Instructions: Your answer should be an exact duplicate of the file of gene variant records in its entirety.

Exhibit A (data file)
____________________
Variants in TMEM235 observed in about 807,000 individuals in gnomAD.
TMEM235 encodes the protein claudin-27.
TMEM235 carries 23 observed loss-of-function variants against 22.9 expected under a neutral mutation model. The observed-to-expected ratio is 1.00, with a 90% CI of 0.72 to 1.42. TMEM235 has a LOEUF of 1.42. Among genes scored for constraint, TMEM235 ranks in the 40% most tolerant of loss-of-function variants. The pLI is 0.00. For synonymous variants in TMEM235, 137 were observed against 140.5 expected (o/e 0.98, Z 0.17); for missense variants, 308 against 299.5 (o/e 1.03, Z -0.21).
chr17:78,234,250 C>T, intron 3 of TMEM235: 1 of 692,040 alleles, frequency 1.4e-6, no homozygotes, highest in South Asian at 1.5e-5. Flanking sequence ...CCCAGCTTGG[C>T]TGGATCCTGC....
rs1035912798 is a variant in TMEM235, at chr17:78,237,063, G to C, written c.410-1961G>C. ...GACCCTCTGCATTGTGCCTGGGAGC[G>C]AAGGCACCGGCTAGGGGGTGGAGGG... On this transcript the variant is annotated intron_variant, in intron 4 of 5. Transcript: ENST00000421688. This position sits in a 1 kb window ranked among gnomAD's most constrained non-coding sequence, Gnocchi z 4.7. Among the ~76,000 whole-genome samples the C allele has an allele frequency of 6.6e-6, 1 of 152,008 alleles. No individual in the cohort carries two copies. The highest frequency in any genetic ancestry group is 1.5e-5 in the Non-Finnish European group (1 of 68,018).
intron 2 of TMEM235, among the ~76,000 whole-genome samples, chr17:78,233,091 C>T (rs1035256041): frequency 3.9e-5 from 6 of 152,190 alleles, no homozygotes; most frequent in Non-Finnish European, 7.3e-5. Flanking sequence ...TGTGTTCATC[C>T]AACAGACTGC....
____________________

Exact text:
Variants in TMEM235 observed in about 807,000 individuals in gnomAD.
TMEM235 encodes the protein claudin-27.
TMEM235 carries 23 observed loss-of-function variants against 22.9 expected under a neutral mutation model. The observed-to-expected ratio is 1.00, with a 90% CI of 0.72 to 1.42. TMEM235 has a LOEUF of 1.42. Among genes scored for constraint, TMEM235 ranks in the 40% most tolerant of loss-of-function variants. The pLI is 0.00. For synonymous variants in TMEM235, 137 were observed against 140.5 expected (o/e 0.98, Z 0.17); for missense variants, 308 against 299.5 (o/e 1.03, Z -0.21).
chr17:78,234,250 C>T, intron 3 of TMEM235: 1 of 692,040 alleles, frequency 1.4e-6, no homozygotes, highest in South Asian at 1.5e-5. Flanking sequence ...CCCAGCTTGG[C>T]TGGATCCTGC....
rs1035912798 is a variant in TMEM235, at chr17:78,237,063, G to C, written c.410-1961G>C. ...GACCCTCTGCATTGTGCCTGGGAGC[G>C]AAGGCACCGGCTAGGGGGTGGAGGG... On this transcript the variant is annotated intron_variant, in intron 4 of 5. Transcript: ENST00000421688. This position sits in a 1 kb window ranked among gnomAD's most constrained non-coding sequence, Gnocchi z 4.7. Among the ~76,000 whole-genome samples the C allele has an allele frequency of 6.6e-6, 1 of 152,008 alleles. No individual in the cohort carries two copies. The highest frequency in any genetic ancestry group is 1.5e-5 in the Non-Finnish European group (1 of 68,018).
intron 2 of TMEM235, among the ~76,000 whole-genome samples, chr17:78,233,091 C>T (rs1035256041): frequency 3.9e-5 from 6 of 152,190 alleles, no homozygotes; most frequent in Non-Finnish European, 7.3e-5. Flanking sequence ...TGTGTTCATC[C>T]AACAGACTGC....